Why did no one see through GE 'strategery'?

Had GE put out a press release stating it would do nothing but support open standards in its health IT efforts, and publish its APIs, it would have offered far more in the way of healthy imagination than it did in its entire dog-and-pony show.

I am still scratching my head over the failure of the media concerning the recent GE Healthcare strategy announcement, whose meaning is much like that of Will Ferrell's famous "strategery" comment, while playing George W. Bush, back in 2000?

Ferrell's line, in a debate sketch, became a catch phrase which remains associated with the now-former President, yet the message behind the line never got through until many years later.

What Ferrell was saying was that Bush was a buffoon.

In the case of the GE event on May 7, the company is putting millions into selling the message that it is putting billions into technology that will transform health care under the tag line "Healthy Imagination."

In fact, it takes quite a healthy imagination to think the planned strategy (or strategery) will fulfill its promise.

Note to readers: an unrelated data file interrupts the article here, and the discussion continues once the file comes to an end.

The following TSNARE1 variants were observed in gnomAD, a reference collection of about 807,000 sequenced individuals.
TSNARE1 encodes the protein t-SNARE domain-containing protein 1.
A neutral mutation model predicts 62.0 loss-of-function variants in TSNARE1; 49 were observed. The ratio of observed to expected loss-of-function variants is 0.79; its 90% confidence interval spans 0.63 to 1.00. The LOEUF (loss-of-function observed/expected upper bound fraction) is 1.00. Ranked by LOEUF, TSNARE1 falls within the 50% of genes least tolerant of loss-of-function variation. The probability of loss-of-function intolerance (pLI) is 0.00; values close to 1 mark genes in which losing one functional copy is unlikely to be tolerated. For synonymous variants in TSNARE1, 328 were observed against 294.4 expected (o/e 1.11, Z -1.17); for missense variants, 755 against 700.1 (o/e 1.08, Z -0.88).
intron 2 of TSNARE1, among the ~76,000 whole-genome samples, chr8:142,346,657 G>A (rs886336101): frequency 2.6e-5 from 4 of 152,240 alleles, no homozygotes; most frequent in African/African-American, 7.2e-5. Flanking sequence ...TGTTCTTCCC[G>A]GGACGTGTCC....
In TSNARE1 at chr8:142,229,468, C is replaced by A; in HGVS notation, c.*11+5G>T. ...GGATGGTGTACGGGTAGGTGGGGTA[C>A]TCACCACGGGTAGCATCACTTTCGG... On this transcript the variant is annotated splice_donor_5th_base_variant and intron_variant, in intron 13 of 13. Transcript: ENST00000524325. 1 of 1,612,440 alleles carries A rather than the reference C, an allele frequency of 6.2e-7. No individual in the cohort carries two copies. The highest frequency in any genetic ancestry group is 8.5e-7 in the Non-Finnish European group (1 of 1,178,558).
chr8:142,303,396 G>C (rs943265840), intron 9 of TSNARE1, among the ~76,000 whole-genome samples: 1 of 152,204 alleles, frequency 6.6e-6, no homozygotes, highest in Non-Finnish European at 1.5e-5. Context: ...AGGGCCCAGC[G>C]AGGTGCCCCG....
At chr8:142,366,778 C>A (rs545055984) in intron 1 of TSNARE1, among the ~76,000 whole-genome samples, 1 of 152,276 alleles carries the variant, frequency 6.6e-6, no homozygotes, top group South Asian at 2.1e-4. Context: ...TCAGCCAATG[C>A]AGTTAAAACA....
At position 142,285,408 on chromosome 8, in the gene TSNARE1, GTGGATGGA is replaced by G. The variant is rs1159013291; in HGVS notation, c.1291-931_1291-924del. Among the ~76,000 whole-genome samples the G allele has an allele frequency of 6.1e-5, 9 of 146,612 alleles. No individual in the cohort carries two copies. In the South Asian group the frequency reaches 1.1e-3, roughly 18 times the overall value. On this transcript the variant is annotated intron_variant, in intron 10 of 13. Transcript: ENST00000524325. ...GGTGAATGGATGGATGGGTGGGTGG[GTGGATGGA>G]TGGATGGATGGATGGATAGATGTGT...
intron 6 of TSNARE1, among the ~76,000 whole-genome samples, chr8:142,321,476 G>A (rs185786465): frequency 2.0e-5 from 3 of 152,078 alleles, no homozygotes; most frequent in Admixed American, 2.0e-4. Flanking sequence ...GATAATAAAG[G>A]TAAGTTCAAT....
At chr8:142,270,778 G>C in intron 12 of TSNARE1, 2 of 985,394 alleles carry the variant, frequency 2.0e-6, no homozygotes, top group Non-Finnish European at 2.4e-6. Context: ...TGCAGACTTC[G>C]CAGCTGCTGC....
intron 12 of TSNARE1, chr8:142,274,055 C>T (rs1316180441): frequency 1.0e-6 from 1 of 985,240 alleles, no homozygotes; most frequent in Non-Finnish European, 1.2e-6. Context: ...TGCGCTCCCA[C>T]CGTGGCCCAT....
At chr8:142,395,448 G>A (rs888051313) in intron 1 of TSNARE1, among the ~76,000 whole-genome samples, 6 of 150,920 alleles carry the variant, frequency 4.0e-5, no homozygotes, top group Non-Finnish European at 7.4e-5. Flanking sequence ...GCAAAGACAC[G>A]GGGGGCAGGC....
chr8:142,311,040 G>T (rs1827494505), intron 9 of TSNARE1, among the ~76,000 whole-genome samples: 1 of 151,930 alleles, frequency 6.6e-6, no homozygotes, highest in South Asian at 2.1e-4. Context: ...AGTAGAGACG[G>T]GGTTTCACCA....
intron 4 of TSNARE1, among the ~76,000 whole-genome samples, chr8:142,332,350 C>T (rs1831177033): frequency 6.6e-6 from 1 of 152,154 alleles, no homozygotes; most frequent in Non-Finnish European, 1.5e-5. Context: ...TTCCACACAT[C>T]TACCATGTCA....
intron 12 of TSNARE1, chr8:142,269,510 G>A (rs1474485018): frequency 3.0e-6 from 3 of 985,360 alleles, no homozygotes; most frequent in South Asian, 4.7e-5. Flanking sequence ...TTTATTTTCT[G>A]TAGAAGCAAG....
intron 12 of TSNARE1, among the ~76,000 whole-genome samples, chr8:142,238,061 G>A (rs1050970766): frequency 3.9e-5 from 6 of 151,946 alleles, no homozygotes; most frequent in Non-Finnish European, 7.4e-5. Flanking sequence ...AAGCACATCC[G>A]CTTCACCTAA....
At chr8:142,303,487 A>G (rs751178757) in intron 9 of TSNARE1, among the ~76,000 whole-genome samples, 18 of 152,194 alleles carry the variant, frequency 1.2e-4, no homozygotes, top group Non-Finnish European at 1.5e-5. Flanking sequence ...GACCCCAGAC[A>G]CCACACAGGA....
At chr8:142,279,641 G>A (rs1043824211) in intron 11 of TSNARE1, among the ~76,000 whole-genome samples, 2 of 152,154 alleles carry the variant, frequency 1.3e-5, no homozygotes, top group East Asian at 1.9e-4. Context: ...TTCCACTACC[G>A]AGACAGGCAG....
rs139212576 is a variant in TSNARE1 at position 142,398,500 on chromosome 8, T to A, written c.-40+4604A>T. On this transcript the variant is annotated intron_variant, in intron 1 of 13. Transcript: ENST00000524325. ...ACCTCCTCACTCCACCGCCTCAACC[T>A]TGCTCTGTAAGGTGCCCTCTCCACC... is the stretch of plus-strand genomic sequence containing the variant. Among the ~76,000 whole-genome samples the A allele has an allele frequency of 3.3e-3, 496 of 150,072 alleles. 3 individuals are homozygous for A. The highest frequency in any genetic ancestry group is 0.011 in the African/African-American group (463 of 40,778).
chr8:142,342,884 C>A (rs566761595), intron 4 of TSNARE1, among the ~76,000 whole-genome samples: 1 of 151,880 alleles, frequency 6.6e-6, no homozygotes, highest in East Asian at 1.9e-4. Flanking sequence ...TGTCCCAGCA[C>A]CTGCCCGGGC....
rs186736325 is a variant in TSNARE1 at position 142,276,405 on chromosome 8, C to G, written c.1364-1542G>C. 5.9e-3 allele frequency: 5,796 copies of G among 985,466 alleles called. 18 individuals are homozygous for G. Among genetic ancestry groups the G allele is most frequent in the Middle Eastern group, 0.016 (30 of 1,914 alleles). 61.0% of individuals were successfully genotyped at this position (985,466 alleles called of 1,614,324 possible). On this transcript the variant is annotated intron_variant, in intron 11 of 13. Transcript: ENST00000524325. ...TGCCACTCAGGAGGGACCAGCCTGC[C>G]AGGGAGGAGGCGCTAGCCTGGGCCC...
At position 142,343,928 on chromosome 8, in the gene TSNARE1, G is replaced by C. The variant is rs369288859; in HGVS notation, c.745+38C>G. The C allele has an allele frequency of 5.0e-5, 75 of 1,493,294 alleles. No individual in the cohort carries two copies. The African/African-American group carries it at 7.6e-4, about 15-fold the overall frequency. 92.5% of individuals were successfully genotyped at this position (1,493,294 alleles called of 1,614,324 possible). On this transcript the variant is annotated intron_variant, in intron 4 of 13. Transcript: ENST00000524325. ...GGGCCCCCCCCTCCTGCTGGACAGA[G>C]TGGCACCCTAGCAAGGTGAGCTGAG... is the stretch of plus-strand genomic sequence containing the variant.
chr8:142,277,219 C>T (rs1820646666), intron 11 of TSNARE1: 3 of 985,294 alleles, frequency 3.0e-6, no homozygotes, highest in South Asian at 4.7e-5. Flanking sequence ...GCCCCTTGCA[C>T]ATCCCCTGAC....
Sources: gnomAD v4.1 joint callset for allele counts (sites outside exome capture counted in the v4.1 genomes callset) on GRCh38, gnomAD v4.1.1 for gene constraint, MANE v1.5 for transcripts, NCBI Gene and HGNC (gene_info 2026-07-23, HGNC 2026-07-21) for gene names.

Fact is GE is the cause of most health IT problems, not the solution. It is best known for its diagnostic and imaging gear, which is the equivalent of a printer or scanner on a PC.

The difference is that, while your PC's printer-scanner uses transparent, open standards to deliver its data, GE's gear may not. And the same is true for many other companies' diagnostic or imaging gear.

I wrote about this problem back in 2007. Too often breakthroughs in scanning lead to proprietary formats. Proprietary formats can make a doctor's EMR system into so much junk. I wrote this after visiting an eye surgeon who had to junk his practice's EMR system for just that reason.

These kinds of problems remain pandemic throughout the medical industry. Without adherence to open standards, without transparent APIs that anyone can write to, many EMR systems become obsolete as soon as they are installed.

Had GE put out a press release stating it would do nothing but support open standards in its health IT efforts, and publish its APIs, it would have offered far more in the way of healthy imagination than it did in its entire dog-and-pony show.

Instead, it offered strategery.

This post was originally published on Smartplanet.com

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